Interventional
Not Provided
Allocation: Randomized
Endpoint Classification: Efficacy Study
Intervention Model: Parallel Assignment
Masking: Double Blind (Subject, Outcomes Assessor)
Primary Purpose: Treatment
Dentine Hypersensitivity
  • Other: control dentifrice
    use the dentifrice to brush teeth twice a day for one minute for 3 days
  • Other: strontium chloride/potassium nitrate dentifrice
    use the dentifrice to brush teeth twice daily for 3 days
  • Experimental: strontium chloride/potassium nitrate dentifrice
    Intervention: Other: strontium chloride/potassium nitrate dentifrice
  • Placebo Comparator: control dentifrice
    Intervention: Other: control dentifrice

*   Includes publications given by the data provider as well as publications identified by ClinicalTrials.gov Identifier (NCT Number) in Medline.
 
Completed
79
September 2011
September 2011   (final data collection date for primary outcome measure)

Inclusion Criteria:

  • good oral and general health
  • possessing at least two teeth (incisors, cuspids, bicuspids and first molars with exposed cervical dentin) with hypersensitivity on facial surfaces which satisfied a tactile hypersensitivity stimulus score of 10-50 grams of force (Yeaple probe) and an air blast stimulus score of 2 or 3(Schiff Cold Air Scale)
  • provided informed consent and were available for the study duration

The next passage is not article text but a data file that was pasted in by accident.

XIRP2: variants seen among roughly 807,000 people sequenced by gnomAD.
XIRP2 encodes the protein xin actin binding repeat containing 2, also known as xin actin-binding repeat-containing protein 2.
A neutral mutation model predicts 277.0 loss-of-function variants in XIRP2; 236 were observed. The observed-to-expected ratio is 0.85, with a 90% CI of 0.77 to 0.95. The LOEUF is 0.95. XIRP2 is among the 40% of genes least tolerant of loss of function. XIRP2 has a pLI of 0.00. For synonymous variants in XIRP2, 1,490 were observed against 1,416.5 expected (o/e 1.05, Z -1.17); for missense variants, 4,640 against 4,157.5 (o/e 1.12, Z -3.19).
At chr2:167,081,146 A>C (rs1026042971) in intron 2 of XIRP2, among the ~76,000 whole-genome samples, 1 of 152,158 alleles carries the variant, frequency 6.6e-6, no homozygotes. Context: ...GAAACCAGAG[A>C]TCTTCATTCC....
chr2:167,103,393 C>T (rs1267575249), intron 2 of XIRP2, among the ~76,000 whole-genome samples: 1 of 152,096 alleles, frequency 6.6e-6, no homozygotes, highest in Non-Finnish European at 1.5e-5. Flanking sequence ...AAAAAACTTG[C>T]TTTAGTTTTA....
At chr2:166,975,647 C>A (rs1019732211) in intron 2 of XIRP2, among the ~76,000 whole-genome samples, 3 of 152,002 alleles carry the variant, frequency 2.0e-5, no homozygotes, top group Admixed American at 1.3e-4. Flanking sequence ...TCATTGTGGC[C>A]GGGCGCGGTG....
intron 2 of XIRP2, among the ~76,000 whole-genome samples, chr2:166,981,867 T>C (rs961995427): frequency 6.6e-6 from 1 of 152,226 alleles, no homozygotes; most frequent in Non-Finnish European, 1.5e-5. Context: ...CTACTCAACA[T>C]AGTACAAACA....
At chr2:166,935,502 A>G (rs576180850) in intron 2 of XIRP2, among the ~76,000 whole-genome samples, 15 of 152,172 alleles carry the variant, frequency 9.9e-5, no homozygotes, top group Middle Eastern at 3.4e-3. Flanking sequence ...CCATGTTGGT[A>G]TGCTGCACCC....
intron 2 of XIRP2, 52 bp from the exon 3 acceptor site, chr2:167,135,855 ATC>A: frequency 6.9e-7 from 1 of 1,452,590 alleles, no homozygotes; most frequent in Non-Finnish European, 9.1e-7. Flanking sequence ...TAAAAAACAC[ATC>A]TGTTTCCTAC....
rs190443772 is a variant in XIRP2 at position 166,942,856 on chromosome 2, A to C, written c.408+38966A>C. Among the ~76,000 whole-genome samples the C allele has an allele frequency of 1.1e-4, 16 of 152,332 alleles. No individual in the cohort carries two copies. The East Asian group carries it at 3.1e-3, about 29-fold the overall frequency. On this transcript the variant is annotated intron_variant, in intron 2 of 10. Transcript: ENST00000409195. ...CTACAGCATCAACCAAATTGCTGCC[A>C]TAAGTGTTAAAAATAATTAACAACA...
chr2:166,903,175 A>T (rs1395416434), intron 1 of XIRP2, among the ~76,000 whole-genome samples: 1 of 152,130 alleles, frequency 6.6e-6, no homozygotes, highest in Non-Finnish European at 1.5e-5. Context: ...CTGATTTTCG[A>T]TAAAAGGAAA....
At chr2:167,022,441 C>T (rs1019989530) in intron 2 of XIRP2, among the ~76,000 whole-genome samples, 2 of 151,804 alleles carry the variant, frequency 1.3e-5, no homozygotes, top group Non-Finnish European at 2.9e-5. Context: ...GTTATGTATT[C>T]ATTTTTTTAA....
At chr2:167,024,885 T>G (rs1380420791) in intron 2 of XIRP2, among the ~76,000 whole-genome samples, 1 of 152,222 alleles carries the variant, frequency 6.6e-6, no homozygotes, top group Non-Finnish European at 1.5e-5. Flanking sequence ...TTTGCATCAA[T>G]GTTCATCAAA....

Exclusion Criteria:

  • progressive periodontitis, with teeth that had extensive restoration, suspected pulpitis, caries, cracked enamel or that were used as abutments for removable partial dentures,
  • had hypersensitive teeth with a mobility greater than one
  • had received periodontal treatment including surgery during the last year
  • had used any other anti-hypersensitivity dentifrice or taken part in any other clinical trial, used any desensitizing agents during the last three months, or allergic to the ingredients of the dentifrices were excluded
  • pregnant or breastfeeding women
  • had taken the following drugs during the last month: anticonvulsants, antihistamines, antidepressants, sedatives, tranquilizers, anti-inflammatory drugs or daily analgesics
Both
18 Years to 70 Years
No
Contact information is only displayed when the study is recruiting subjects
China
 
NCT01426360
DH-38
Yes
Liu Hongchun, Sun Yat-sen University
Sun Yat-sen University
Not Provided
Principal Investigator: Hongchun Liu, Ph.D. Department of Preventive Dentistry,Guanghua College of Stomatology,Sun Yat-sen University
Sun Yat-sen University
November 2011

ICMJE     Data element required by the International Committee of Medical Journal Editors and the World Health Organization ICTRP